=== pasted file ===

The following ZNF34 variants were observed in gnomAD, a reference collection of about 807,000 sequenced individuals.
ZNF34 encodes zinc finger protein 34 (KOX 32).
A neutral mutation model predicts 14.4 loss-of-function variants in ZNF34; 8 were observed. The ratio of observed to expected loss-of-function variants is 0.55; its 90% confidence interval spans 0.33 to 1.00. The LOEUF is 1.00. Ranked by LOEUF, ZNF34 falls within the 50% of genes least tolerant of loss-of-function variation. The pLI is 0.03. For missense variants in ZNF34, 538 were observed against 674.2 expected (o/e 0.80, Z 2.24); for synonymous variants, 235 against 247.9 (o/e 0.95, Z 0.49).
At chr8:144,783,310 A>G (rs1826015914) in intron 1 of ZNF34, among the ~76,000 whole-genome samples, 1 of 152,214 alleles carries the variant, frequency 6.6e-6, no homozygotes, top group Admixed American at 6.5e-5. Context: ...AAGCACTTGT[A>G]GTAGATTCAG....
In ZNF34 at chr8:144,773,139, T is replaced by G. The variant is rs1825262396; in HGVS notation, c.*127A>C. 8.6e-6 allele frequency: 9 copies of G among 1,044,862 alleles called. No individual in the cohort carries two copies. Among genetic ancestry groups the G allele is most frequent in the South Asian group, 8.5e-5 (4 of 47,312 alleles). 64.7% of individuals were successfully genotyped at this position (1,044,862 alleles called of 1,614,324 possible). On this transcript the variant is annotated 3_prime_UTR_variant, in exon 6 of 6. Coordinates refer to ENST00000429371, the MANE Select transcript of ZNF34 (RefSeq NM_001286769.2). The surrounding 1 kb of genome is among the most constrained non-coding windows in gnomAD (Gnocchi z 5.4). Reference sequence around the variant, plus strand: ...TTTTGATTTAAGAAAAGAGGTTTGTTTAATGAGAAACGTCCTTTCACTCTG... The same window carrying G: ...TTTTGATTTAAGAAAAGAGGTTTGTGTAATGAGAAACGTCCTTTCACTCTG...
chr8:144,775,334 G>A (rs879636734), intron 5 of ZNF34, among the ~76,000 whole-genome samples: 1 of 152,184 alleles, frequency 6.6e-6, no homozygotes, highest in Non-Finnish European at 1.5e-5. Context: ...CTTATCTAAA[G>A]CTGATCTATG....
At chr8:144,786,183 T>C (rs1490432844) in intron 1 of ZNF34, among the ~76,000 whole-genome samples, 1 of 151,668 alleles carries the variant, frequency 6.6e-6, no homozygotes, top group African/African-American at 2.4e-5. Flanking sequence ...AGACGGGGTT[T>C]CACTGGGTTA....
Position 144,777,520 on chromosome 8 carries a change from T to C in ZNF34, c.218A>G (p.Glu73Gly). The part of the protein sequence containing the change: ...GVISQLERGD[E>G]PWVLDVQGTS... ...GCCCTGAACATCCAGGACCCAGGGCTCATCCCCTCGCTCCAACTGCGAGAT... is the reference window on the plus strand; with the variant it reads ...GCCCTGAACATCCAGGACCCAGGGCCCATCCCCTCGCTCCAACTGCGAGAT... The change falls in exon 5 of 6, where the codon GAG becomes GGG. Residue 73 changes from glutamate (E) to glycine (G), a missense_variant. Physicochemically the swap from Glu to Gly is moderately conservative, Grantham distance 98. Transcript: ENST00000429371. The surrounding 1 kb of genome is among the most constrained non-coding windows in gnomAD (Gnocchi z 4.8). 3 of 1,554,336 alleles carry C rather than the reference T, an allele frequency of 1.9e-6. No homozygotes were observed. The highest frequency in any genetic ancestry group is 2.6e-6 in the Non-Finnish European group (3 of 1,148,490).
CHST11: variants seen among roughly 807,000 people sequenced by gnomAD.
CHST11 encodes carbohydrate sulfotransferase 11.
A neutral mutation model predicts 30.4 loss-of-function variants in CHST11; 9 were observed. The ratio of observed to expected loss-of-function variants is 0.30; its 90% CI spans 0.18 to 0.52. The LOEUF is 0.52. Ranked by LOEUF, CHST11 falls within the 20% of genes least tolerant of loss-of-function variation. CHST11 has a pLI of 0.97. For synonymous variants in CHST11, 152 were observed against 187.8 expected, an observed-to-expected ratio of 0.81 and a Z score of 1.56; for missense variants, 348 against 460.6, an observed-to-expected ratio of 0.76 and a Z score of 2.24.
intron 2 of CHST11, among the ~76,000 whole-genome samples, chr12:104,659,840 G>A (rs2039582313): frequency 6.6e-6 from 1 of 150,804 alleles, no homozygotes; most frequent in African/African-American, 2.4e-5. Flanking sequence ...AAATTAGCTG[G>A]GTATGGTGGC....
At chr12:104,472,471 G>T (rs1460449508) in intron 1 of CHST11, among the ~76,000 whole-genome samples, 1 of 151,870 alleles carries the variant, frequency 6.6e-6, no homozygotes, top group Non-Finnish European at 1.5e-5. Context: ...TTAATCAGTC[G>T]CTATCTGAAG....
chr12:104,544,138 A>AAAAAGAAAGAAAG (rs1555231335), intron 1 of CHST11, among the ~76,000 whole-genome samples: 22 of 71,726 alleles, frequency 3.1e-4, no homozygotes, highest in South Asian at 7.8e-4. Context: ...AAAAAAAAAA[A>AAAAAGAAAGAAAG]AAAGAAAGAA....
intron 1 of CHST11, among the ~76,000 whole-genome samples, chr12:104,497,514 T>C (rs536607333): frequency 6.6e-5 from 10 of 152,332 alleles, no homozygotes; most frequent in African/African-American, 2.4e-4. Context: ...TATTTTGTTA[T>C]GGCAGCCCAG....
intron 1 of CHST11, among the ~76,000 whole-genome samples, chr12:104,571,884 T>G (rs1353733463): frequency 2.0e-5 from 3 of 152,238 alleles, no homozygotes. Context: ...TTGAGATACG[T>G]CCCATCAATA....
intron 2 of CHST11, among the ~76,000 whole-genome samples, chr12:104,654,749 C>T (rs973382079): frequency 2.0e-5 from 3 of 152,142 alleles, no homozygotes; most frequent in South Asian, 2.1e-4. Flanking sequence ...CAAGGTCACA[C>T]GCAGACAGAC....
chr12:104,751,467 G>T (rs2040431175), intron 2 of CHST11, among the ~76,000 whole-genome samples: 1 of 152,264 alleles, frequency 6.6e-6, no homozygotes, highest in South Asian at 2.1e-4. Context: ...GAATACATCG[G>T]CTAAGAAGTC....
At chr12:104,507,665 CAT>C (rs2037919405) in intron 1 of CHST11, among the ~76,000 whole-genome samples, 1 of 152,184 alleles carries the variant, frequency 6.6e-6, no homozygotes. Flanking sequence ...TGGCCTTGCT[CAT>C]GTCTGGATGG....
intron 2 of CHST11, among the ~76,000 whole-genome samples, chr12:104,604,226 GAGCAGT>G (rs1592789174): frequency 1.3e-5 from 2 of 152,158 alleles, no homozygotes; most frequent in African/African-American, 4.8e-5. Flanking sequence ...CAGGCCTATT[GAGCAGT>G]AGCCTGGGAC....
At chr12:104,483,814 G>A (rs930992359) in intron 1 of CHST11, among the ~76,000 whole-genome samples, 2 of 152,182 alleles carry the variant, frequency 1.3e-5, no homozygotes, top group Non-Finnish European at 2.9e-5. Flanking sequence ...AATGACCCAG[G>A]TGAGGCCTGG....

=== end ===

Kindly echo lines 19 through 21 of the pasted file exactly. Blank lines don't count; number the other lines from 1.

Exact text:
At chr12:104,507,665 CAT>C (rs2037919405) in intron 1 of CHST11, among the ~76,000 whole-genome samples, 1 of 152,184 alleles carries the variant, frequency 6.6e-6, no homozygotes. Flanking sequence ...TGGCCTTGCT[CAT>C]GTCTGGATGG....
intron 2 of CHST11, among the ~76,000 whole-genome samples, chr12:104,604,226 GAGCAGT>G (rs1592789174): frequency 1.3e-5 from 2 of 152,158 alleles, no homozygotes; most frequent in African/African-American, 4.8e-5. Flanking sequence ...CAGGCCTATT[GAGCAGT>G]AGCCTGGGAC....
At chr12:104,483,814 G>A (rs930992359) in intron 1 of CHST11, among the ~76,000 whole-genome samples, 2 of 152,182 alleles carry the variant, frequency 1.3e-5, no homozygotes, top group Non-Finnish European at 2.9e-5. Flanking sequence ...AATGACCCAG[G>A]TGAGGCCTGG....